McCroskey, J. C., & Richmond, V. P.

Tolerance for Disagreement Scale (TFD)

The Tolerance For Disagreement (TFD) Scale is designed to measure the degree to which an individual can tolerate other people disagreeing with what the individual believes to be true. This conceptualization is similar to that of argumentativeness. People with high argumentativeness are likely to be able to deal with more disagreement than those people who are low in argumentativeness. It is believed that conflict in interpersonal communication is in large part (in conjunction with the level of liking between the people) a function of the tolerance of disagreement of the interactants.

Author of Tool: 
Teven, J. J., Richmond, V. P., & McCroskey, J. C.

Source Credibility Measures

Measurement of source credibility has been a concern of the Communication discipline for over 40 years. The first multidimensional measure appeared in the Communication literature in 1966 (McCroskey, J .C., Scales for the measurement of ethos, Speech Monographs, 33, 65-72) and provided scales measuring competence and trustworthiness. Many other studies were conducted over the next 30 years. This Source Credibility Measure is the most complete measure and includes scales for three dimensions: competence, trustworthiness, and goodwill/caring. These are measures of constructs which are...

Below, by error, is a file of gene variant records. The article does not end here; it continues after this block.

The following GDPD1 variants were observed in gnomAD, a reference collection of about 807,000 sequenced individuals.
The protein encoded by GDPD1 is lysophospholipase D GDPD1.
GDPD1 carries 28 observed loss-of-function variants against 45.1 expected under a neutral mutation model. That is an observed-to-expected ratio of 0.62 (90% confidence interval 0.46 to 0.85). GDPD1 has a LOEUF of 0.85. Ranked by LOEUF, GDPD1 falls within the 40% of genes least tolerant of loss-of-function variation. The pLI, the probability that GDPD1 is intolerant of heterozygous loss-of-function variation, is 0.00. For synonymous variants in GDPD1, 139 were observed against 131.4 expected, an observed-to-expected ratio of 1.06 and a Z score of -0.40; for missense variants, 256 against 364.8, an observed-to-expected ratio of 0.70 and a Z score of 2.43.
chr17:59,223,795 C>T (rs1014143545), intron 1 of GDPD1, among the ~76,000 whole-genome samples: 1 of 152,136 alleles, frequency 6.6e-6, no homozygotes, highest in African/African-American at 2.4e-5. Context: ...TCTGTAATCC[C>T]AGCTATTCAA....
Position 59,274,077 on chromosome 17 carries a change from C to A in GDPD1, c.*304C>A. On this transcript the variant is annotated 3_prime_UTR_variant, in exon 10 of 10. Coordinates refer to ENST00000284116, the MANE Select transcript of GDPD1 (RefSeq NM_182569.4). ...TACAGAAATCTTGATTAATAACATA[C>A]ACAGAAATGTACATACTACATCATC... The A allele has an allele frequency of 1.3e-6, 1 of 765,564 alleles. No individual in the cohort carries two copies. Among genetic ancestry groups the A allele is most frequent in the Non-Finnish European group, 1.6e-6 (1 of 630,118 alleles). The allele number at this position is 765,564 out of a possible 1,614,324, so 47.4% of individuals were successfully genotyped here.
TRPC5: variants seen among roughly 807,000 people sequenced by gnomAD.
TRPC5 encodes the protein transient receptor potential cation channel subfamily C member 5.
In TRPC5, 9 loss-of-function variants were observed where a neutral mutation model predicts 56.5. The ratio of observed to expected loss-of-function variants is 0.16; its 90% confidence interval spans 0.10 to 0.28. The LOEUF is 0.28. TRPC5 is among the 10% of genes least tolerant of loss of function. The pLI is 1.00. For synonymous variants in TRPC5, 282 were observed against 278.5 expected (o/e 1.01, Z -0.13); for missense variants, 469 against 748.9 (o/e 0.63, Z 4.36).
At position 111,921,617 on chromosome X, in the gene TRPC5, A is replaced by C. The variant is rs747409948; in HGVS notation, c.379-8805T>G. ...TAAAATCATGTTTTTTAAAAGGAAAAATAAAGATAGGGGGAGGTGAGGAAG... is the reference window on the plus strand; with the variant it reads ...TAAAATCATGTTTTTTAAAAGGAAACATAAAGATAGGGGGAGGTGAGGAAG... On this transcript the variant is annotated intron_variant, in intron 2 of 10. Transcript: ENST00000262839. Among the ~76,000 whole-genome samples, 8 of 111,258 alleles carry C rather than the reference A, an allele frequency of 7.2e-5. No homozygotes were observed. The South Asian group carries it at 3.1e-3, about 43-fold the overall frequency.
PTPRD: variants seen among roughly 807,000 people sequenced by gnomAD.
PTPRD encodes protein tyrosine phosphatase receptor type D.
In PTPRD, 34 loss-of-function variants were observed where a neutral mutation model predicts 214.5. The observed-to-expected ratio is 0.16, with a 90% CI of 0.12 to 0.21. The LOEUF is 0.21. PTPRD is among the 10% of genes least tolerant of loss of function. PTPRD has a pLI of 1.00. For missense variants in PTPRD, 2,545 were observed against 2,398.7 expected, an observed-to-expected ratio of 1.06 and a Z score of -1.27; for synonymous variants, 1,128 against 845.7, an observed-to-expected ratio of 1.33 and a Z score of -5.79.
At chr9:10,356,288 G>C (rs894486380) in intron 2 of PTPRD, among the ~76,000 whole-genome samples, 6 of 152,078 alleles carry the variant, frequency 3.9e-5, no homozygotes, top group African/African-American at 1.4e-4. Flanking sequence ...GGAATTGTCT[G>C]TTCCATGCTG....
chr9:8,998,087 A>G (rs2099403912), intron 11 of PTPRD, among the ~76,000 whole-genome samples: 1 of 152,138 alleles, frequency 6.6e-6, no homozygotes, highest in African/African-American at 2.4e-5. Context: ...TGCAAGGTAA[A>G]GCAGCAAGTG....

Author of Tool: 
McCroskey, J. C., & Teven, J. J.

Nonverbal Immediacy Scale-Observer Report (NIS-O)

Immediacy, particular non-verbal immediacy has received increasing attention from communication scholars. In general, this research indicates that communicators who engage in non-verbal immediate behaviour with others are seen by those others in a more positive way. This Nonverbal Immediacy Scale-Observer Report (NIS-O) addresses problems of previous scales which measure this. 

Author of Tool: 
Richmond, V. P., McCroskey, J. C., & Johnson, A. E

Nonverbal Immediacy Scale-Self Report (NIS-S)

The Non-verbal Immediacy Scale-Self Report (NIS-S) is based on the immediacy of people in relation to communication. This is the most up-to-date measure of nonverbal immediacy as a self-report. Since the purpose was to develop a measure that could be employed either as a self-report or as an other-report, some items from the measure were drawn from previously used measures. 

Author of Tool: 
Richmond, V. P., McCroskey, J. C., & Johnson, A. D.

Personal Report of Interethnic Communication Apprehension (PRECA)

Intercultural communication apprehension (lCA) is conceptualized as the fear or anxiety associated with either real or anticipated interaction with people of different groups, especially cultural and ethnic and/or racial groups. This Personal Report of Interethnic Communication Apprehension (PRECA) Instrument is presumed to be better than the PRCA24 for this particular communication context. However, it is substantially correlated with the PRCA24. This suggests that interethnic communication apprehension is a sub-category of general communication apprehension.

Author of Tool: 
Neuliep, J. W., & McCroskey, J. C.